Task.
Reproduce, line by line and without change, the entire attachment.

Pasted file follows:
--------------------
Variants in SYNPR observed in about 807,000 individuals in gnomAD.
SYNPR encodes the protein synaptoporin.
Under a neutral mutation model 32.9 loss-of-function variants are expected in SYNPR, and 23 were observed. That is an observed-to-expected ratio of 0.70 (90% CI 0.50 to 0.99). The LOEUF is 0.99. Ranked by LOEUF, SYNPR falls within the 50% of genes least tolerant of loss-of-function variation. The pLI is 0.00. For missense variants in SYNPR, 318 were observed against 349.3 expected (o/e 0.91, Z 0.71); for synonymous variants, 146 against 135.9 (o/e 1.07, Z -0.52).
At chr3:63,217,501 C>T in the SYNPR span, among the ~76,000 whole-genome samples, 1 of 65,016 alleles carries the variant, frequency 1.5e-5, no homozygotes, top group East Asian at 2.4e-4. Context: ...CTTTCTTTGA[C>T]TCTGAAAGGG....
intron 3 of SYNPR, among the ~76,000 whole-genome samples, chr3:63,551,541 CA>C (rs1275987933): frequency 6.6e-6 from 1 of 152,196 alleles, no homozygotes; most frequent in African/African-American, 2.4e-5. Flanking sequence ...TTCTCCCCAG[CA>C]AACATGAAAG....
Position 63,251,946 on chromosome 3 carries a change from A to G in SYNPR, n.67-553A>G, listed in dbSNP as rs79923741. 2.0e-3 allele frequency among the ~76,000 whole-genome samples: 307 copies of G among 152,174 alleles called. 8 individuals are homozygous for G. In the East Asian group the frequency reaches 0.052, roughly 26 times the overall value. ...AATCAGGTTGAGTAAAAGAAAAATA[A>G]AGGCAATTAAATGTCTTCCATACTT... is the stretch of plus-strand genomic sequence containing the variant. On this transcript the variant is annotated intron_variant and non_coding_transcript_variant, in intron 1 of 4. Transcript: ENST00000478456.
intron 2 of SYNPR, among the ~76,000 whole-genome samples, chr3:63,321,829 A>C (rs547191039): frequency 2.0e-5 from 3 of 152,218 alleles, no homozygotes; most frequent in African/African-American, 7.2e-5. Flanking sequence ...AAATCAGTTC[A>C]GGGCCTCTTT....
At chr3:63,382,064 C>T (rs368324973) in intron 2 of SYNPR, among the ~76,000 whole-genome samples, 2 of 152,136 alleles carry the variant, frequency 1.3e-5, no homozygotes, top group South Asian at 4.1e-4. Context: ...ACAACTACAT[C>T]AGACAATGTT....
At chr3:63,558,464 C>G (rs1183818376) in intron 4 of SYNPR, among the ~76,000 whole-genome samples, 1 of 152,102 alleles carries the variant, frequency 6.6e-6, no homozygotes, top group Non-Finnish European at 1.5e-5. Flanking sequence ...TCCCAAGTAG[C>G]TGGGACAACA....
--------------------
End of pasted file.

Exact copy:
Variants in SYNPR observed in about 807,000 individuals in gnomAD.
SYNPR encodes the protein synaptoporin.
Under a neutral mutation model 32.9 loss-of-function variants are expected in SYNPR, and 23 were observed. That is an observed-to-expected ratio of 0.70 (90% CI 0.50 to 0.99). The LOEUF is 0.99. Ranked by LOEUF, SYNPR falls within the 50% of genes least tolerant of loss-of-function variation. The pLI is 0.00. For missense variants in SYNPR, 318 were observed against 349.3 expected (o/e 0.91, Z 0.71); for synonymous variants, 146 against 135.9 (o/e 1.07, Z -0.52).
At chr3:63,217,501 C>T in the SYNPR span, among the ~76,000 whole-genome samples, 1 of 65,016 alleles carries the variant, frequency 1.5e-5, no homozygotes, top group East Asian at 2.4e-4. Context: ...CTTTCTTTGA[C>T]TCTGAAAGGG....
intron 3 of SYNPR, among the ~76,000 whole-genome samples, chr3:63,551,541 CA>C (rs1275987933): frequency 6.6e-6 from 1 of 152,196 alleles, no homozygotes; most frequent in African/African-American, 2.4e-5. Flanking sequence ...TTCTCCCCAG[CA>C]AACATGAAAG....
Position 63,251,946 on chromosome 3 carries a change from A to G in SYNPR, n.67-553A>G, listed in dbSNP as rs79923741. 2.0e-3 allele frequency among the ~76,000 whole-genome samples: 307 copies of G among 152,174 alleles called. 8 individuals are homozygous for G. In the East Asian group the frequency reaches 0.052, roughly 26 times the overall value. ...AATCAGGTTGAGTAAAAGAAAAATA[A>G]AGGCAATTAAATGTCTTCCATACTT... is the stretch of plus-strand genomic sequence containing the variant. On this transcript the variant is annotated intron_variant and non_coding_transcript_variant, in intron 1 of 4. Transcript: ENST00000478456.
intron 2 of SYNPR, among the ~76,000 whole-genome samples, chr3:63,321,829 A>C (rs547191039): frequency 2.0e-5 from 3 of 152,218 alleles, no homozygotes; most frequent in African/African-American, 7.2e-5. Flanking sequence ...AAATCAGTTC[A>C]GGGCCTCTTT....
At chr3:63,382,064 C>T (rs368324973) in intron 2 of SYNPR, among the ~76,000 whole-genome samples, 2 of 152,136 alleles carry the variant, frequency 1.3e-5, no homozygotes, top group South Asian at 4.1e-4. Context: ...ACAACTACAT[C>T]AGACAATGTT....
At chr3:63,558,464 C>G (rs1183818376) in intron 4 of SYNPR, among the ~76,000 whole-genome samples, 1 of 152,102 alleles carries the variant, frequency 6.6e-6, no homozygotes, top group Non-Finnish European at 1.5e-5. Flanking sequence ...TCCCAAGTAG[C>G]TGGGACAACA....